Hortense met Cézanne in Paris early in 1869. She was a 19-year-old bookbinder and artist's model from a working-class family. He was 11 years older and lived on a meager allowance from his banker-father. By most accounts, he was gruff, withdrawn and suspicious. He harbored an aversion to being touched. Cézanne kept his relationship with Hortense hidden from his family. He claimed that his father, who wanted him to be a lawyer and pushed him through law school, would cut off his income if he knew. The charade continued for years, even after Hortense gave birth to Paul Jr. in 1872. Cézanne would remove himself for months at a stretch to his parents' house in his native Aix-en-Provence. Hortense and the boy would be left in Paris, or would come to stay in Aix too, but discreetly, in a different house. He finally married her after they had been together for 17 years.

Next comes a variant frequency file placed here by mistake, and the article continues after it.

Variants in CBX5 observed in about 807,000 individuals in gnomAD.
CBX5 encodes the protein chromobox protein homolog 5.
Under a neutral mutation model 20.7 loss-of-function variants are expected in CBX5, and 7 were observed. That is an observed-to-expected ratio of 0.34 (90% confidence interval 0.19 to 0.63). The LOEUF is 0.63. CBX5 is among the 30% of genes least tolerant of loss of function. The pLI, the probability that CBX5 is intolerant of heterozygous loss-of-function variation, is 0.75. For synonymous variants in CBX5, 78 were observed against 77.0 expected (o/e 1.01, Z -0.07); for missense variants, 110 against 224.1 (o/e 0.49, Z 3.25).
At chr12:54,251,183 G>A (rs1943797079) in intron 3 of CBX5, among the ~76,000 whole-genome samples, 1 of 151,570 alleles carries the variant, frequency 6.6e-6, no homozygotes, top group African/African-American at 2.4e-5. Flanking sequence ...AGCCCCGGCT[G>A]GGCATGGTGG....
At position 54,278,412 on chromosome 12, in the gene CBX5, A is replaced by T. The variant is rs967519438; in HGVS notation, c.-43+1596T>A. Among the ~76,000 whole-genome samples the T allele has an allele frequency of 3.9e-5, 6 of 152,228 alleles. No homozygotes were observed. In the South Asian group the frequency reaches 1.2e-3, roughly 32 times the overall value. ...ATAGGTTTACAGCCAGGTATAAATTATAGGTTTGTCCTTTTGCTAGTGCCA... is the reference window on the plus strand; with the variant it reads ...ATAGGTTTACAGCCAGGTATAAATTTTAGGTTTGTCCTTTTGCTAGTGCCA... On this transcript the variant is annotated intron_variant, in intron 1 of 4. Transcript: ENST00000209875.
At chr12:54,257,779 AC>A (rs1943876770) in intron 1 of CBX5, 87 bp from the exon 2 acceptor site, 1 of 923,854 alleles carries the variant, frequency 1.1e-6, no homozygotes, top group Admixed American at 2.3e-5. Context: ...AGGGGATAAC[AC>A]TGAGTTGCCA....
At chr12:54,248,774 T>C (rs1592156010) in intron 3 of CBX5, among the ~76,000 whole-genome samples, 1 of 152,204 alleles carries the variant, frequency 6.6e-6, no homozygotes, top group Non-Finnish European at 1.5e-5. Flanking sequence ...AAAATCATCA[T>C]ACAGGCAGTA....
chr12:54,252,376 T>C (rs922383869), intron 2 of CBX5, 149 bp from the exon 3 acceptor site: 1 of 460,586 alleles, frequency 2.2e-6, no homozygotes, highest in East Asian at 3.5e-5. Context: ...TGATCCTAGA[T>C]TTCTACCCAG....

In general, Cézanne favored female models who were solid and stocky, as if their physical heft enabled him to concentrate on form rather than flesh. This is especially true in his drawings. He liked to sketch his wife's head as a weighty geometric orb topped by a little bun of hair. "I paint a head like a door," Cézanne once said, without irony. His friends bestowed a callous nickname on his wife: La Boule, which is French for "the ball."